Not only Robin...
In a near freezing Katowice, decision-makers are meeting now on the largest issue of our time: climate change. The Polish city is hosting the 24th COP, the annual UN conference for tackling climate change. Countries have been tasked with agreeing rules to limit emissions, and importantly, how they’re going to pay for the response to climate change - fulfilling promises they made at the Paris COP back in 2015. The pressure in on - latest predictions gave us 12 years left to take decisive action to avoid catastrophic climate change.
So what’s being done about it?
Despite the urgency of the issue, talks on how to find the money for the climate response are moving at a glacial pace. And already we are seeing climate vulnerable countries bearing the brunt of climate change - through lives lost and communities and livelihoods destroyed - and being pushed further into debt as they attempt to rebuild.
From countries like Dominica - which was devastated by Hurricane Maria last year - the conversations in Poland seem a million miles away from where they need to be. It’s deeply unjust that the victims of climate change are paying for a problem they had no role in causing. After all, over 70% of emissions in the last 30 years have come from less than 100 fossil fuel extractors - big oil, coals and gas. This activity has generated massive profits, with the top 5 polluting companies making over $60bn in profit last year.
Staying within 1.5°C of global warming and increasing funding for the climate response are centrals part of the Sustainable Development Goals (SDGs) - agreed in September 2015 by the 193 countries of the UN. The SDGs cover 17 areas and are ‘an urgent call for action by all countries’ to end poverty and tackle inequality, conflict and climate change.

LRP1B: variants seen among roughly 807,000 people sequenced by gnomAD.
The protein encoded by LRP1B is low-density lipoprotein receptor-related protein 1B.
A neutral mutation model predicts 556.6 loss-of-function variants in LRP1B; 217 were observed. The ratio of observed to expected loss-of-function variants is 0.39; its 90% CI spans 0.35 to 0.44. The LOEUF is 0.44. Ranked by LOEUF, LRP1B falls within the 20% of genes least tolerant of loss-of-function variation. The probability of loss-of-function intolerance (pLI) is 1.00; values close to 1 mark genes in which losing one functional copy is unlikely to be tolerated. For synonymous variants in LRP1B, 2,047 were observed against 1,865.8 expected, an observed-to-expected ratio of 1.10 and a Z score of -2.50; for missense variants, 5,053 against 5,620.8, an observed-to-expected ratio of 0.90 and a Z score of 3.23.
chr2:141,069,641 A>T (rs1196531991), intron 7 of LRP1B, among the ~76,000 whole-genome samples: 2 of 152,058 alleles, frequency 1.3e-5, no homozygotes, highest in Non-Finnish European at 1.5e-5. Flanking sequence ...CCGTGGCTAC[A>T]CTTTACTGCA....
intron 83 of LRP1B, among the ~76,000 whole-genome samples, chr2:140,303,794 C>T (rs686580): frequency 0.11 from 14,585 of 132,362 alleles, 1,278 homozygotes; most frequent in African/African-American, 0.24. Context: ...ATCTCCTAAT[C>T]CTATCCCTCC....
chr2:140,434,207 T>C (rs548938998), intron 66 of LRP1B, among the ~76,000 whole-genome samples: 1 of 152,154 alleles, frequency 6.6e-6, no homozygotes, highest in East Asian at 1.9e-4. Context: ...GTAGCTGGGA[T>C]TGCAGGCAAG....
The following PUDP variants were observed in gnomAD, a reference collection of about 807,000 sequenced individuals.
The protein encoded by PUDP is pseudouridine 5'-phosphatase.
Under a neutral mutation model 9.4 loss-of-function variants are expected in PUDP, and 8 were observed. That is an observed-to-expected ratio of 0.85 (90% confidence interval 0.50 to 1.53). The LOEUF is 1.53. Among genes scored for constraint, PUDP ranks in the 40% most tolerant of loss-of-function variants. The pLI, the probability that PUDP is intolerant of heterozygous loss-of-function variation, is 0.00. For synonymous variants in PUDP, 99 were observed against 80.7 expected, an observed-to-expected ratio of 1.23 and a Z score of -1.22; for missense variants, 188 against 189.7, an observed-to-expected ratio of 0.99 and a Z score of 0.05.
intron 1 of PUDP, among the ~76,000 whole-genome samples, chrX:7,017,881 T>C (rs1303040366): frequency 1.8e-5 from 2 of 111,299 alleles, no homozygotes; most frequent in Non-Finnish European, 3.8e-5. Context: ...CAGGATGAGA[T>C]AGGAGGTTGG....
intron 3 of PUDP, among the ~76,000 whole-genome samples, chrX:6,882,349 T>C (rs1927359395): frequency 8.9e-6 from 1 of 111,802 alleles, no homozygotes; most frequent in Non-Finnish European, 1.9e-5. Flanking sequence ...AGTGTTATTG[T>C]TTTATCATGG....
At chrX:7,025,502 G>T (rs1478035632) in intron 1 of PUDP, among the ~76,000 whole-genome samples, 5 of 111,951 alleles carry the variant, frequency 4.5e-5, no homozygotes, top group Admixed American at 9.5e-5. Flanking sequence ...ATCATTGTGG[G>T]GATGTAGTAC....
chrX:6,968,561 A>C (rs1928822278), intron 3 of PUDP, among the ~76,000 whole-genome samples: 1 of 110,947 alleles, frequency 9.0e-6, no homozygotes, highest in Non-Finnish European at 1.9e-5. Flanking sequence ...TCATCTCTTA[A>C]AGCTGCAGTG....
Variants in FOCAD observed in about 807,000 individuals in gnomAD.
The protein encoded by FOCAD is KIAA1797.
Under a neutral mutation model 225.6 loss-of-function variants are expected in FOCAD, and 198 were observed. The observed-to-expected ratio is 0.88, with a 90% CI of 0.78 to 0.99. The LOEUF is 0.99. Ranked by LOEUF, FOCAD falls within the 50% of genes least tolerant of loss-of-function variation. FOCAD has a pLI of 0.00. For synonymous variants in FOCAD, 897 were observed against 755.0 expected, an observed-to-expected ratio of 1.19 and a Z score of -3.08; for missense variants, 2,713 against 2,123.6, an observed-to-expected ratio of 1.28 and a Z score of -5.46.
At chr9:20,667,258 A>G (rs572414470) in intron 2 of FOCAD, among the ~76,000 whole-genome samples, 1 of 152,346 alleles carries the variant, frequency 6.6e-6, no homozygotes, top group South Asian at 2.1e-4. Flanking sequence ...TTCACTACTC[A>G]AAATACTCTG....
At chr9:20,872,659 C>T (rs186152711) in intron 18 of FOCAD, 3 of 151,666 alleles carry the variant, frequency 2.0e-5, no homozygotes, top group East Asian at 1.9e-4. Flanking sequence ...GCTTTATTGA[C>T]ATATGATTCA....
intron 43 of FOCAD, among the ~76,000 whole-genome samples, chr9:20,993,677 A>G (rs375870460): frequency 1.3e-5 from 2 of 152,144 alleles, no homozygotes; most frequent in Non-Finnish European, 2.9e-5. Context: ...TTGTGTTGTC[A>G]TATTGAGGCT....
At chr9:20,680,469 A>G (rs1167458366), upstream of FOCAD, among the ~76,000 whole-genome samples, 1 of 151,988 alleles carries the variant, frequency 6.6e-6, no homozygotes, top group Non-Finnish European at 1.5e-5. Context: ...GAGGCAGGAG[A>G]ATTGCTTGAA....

Goal 13 of the SDGs promises that rich countries - who are responsible for the vast majority of historical carbon emissions - provide $100 billion a year for low income countries to help them get ready for climate change. But so far, they’ve only achieved just over half of that. Worse, experts have warned that the real need is double that amount, and this is without including the potential $300 billion a year cost of loss and damages that cannot be ‘adapted’ to - such as hurricanes, droughts, and sea level rises.
What can be done?
We need to make sure that those responsible for climate change are paying for the damages they are causing around the world. A Climate Damages Tax (CDT) would do just that - placing a tax on the extraction of fossil fuels globally would raise approximately $300bn a year for loss and damage in climate vulnerable countries.
It would raise billions more to fund the transition towards a green economy in countries that rely on extracting fossil fuels, helping workers move into the renewable energy sector, funding green transport systems, and protecting low income communities from fuel price increases.
It would also send a strong signal to fossil fuel companies and their investors that the time of big profits without paying for costs is over - and help speed up the transition away from a toxic business model.
Please share this graphic, and stand in solidarity with the people of Dominica and climate vulnerable countries all around the world, calling on the fossil fuel industry to pay their fair share for the effects of climate change.